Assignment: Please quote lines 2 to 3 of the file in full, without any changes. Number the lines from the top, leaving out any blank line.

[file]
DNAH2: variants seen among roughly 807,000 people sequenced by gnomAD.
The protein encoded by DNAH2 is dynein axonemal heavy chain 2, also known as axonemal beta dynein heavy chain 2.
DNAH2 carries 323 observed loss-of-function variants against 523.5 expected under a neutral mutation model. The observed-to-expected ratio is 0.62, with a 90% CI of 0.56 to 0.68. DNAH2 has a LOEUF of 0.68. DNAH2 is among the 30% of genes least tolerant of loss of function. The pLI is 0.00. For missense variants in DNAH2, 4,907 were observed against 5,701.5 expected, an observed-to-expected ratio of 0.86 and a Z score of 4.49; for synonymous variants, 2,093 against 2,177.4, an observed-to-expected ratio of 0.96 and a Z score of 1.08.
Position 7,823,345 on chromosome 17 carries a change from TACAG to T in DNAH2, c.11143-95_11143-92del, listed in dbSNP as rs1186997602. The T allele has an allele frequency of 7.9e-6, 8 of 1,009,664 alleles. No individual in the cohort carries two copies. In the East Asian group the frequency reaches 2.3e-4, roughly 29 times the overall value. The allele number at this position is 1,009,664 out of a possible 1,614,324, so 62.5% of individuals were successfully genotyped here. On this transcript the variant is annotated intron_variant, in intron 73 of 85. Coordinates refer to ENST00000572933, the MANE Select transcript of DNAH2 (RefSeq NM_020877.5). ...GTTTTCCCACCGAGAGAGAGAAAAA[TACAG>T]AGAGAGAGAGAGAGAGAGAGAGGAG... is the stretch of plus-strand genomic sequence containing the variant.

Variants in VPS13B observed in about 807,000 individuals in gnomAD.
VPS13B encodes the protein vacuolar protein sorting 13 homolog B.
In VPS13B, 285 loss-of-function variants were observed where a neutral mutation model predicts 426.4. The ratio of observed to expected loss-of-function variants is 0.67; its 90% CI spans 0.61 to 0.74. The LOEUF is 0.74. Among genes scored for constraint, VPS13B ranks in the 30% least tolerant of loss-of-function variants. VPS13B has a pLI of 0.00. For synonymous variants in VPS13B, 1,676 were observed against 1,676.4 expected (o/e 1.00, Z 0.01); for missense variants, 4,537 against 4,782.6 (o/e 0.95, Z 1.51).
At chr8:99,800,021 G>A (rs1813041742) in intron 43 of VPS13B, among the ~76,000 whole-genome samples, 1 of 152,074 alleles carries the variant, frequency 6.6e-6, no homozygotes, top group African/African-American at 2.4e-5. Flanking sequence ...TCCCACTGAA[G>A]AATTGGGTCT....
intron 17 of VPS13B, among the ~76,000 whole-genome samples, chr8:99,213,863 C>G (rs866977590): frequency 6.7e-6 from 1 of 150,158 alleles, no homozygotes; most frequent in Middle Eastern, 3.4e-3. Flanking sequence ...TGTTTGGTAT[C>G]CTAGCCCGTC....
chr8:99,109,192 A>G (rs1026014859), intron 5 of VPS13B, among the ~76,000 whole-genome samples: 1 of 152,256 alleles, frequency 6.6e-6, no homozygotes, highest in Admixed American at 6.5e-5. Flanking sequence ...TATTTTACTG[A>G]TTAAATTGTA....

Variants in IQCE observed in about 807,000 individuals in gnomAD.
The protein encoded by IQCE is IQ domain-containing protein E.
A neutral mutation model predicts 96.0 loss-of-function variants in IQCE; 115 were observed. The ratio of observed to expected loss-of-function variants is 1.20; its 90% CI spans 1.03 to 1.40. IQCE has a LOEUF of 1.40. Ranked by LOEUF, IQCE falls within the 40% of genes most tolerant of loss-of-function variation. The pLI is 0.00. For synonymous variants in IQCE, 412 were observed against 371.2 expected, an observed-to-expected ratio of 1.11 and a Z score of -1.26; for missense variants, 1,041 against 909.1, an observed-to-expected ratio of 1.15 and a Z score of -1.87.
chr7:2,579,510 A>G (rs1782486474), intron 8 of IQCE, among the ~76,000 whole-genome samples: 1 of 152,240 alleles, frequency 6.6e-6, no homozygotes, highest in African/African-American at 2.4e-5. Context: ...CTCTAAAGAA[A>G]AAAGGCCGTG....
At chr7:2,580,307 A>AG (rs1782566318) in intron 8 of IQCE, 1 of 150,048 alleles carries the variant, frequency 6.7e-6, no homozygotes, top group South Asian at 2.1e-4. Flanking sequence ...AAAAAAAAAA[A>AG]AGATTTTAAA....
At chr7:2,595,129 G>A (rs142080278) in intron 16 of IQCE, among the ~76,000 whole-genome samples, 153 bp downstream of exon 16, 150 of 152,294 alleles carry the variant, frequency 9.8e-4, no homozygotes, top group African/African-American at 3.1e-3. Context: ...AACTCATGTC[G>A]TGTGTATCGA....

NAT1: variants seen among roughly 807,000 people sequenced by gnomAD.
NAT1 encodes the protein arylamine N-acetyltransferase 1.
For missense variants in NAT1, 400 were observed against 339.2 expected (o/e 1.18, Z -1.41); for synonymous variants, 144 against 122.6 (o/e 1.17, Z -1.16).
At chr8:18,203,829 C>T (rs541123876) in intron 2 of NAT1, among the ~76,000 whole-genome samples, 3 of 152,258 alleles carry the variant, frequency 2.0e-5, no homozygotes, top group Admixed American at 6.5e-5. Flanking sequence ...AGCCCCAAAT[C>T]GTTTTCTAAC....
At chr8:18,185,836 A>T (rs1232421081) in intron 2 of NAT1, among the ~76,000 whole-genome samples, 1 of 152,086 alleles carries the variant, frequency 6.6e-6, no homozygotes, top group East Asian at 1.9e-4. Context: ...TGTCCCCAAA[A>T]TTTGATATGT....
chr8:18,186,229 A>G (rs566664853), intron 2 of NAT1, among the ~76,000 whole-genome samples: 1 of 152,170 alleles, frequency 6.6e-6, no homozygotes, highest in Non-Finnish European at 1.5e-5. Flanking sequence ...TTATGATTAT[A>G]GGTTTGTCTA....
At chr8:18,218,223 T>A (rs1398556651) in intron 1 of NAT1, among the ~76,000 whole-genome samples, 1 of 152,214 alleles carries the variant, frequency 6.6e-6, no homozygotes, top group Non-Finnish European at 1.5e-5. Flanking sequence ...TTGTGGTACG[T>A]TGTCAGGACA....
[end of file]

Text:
The protein encoded by DNAH2 is dynein axonemal heavy chain 2, also known as axonemal beta dynein heavy chain 2.
DNAH2 carries 323 observed loss-of-function variants against 523.5 expected under a neutral mutation model. The observed-to-expected ratio is 0.62, with a 90% CI of 0.56 to 0.68. DNAH2 has a LOEUF of 0.68. DNAH2 is among the 30% of genes least tolerant of loss of function. The pLI is 0.00. For missense variants in DNAH2, 4,907 were observed against 5,701.5 expected, an observed-to-expected ratio of 0.86 and a Z score of 4.49; for synonymous variants, 2,093 against 2,177.4, an observed-to-expected ratio of 0.96 and a Z score of 1.08.